Alexis Deacon

George Selden vs. Roland Barthes

One of the weird things, I've found, about becoming a parent is that people keep saying to me -- this started when I was pregnant -- "Oh, now you'll have the fun of re-reading all your favorite books from when you were little! Won't that be great?" Well, sure. But the thing is, I never stopped re-reading all my favorite books from when I was little. At my bedside table are at least thirty books, but one of them -- it actually lives in the table's drawer -- is a copy of Corduroy by Don Freeman. It's a newer copy I bought at the Foundry Bookstore; my original childhood copy fell apart aeons ago. This is a book that I have taken out every few months to read to myself at bedtime. My husband has gotten used to my showing him some of my favorite pictures to him: "Doesn't he look just so sad??? Poor Corduroy..."

It is true that one of the best parts of being mother to my daughter is reading to her and watching her learn to appreciate books, though at this point she's most interested in tearing them or standing on them, only once or twice a day actually sitting down and pretending to really read them. (She's good at mimicking the sound of me reading to her, though.) But the idea that I left my children's books behind when I reached the age of 13 or something is just moronic. I can't imagine doing that. I know most people do, but I think it's a real shame. Most people also think re-reading in general is a waste of time, but I don't. Most books are a waste of time; usually my feeling is, You might as well focus on the ones you love, and read them until they fall apart, like my beloved copy of Corduroy.

I did not keep all of my books from my childhood and youth; my family moved a couple of times, and that meant deaccessioning. But I have easily three shelves' worth of books from my own childhood and I do re-read them, some of them very regularly. The All-of-a-Kind-Family books get read usually twice a year (once at Passover, once at the High Holidays; sometimes, okay, at Chanukkah, too). Ronnie and Rosey by Judie Angell (a YA novel) gets read usually once a year; I actually picked up a second copy of it a couple of years ago because my original was just beat. Pippi Longstocking, the oeuvre of E.L. Konigsburg (Father's Arcane Daughter, (George), A Proud Taste for Scarlet and Miniver, and About the B'nai Bagelsin particular), and all of the novels by Louise Fitzhugh are re-read at least yearly. Ditto The Pushcart War by Jean Merrill, which has to be read in multiple editions because the text changes. Also, the George and Martha stories by James Marshall, the four Mary Poppins books, and a YA novel by Alice Bach entitled They'll Never Make a Movie Starring Me.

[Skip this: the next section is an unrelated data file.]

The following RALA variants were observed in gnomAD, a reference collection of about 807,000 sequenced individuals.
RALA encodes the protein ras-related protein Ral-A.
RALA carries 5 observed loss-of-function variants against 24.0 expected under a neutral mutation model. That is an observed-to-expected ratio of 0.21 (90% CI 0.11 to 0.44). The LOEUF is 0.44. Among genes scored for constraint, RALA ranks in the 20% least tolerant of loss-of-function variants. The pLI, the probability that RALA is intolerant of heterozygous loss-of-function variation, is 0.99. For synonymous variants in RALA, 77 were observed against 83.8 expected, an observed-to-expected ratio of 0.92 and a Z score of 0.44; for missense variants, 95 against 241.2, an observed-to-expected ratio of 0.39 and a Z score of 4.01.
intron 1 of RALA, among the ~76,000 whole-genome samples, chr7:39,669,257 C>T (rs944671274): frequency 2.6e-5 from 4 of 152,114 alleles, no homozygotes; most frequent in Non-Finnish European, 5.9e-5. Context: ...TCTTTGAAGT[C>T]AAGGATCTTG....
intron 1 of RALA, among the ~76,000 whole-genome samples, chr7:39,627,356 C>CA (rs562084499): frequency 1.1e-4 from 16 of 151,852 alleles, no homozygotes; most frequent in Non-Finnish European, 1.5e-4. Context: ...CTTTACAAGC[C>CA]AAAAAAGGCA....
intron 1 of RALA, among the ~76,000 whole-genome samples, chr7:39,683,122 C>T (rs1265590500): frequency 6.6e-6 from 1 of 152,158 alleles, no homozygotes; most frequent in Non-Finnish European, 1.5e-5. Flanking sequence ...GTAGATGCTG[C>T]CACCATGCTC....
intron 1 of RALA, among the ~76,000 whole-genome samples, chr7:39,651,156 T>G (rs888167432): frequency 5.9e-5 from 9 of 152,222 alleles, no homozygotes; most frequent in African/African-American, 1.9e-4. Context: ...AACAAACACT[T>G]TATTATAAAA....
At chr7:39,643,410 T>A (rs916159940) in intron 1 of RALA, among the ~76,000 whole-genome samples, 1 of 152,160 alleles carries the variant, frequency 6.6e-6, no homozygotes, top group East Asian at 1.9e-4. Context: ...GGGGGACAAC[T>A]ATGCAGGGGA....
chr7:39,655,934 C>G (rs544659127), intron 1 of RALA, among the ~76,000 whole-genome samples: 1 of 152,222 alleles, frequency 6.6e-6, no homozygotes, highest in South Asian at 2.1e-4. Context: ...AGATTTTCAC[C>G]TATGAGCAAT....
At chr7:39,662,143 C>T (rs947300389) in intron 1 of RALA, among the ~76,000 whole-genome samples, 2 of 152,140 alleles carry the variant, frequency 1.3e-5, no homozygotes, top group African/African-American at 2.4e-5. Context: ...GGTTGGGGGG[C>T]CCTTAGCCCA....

All of these are in regular rotation, and I'd take any one of them, any day, over a novel by Philip Roth.

There are children's books which have joined these ranks more recently, such as Beegu and Slow Loris by Alexis Deacon, and the Provensens' Our Animal Friends at Maple Hill Farm, which I somehow missed when I was a kid. (My parents didn't believe in farms, I guess.) I am in love with it and have one copy for me and one for my daughter.

I don't understand why people pack up and toss their books from childhood if they don't have to. Why would you want to forget the stories that made you what you are? In college, when better minds (or at least more grade-grubbing minds, I guess) were happily reading moronic texts on literary theory assigned by Paul Fry (I took a class at Yale one summer; boy, was that a bummer), I was re-reading stories that were actually stories, not just pretentious trickery. The Genie of Sutton Place by George Selden is more important to me than anything Gadamer or de Man ever came up with. Let alone Roland freaking Barthes. Between The Genie of Sutton Place and S/Z? No contest.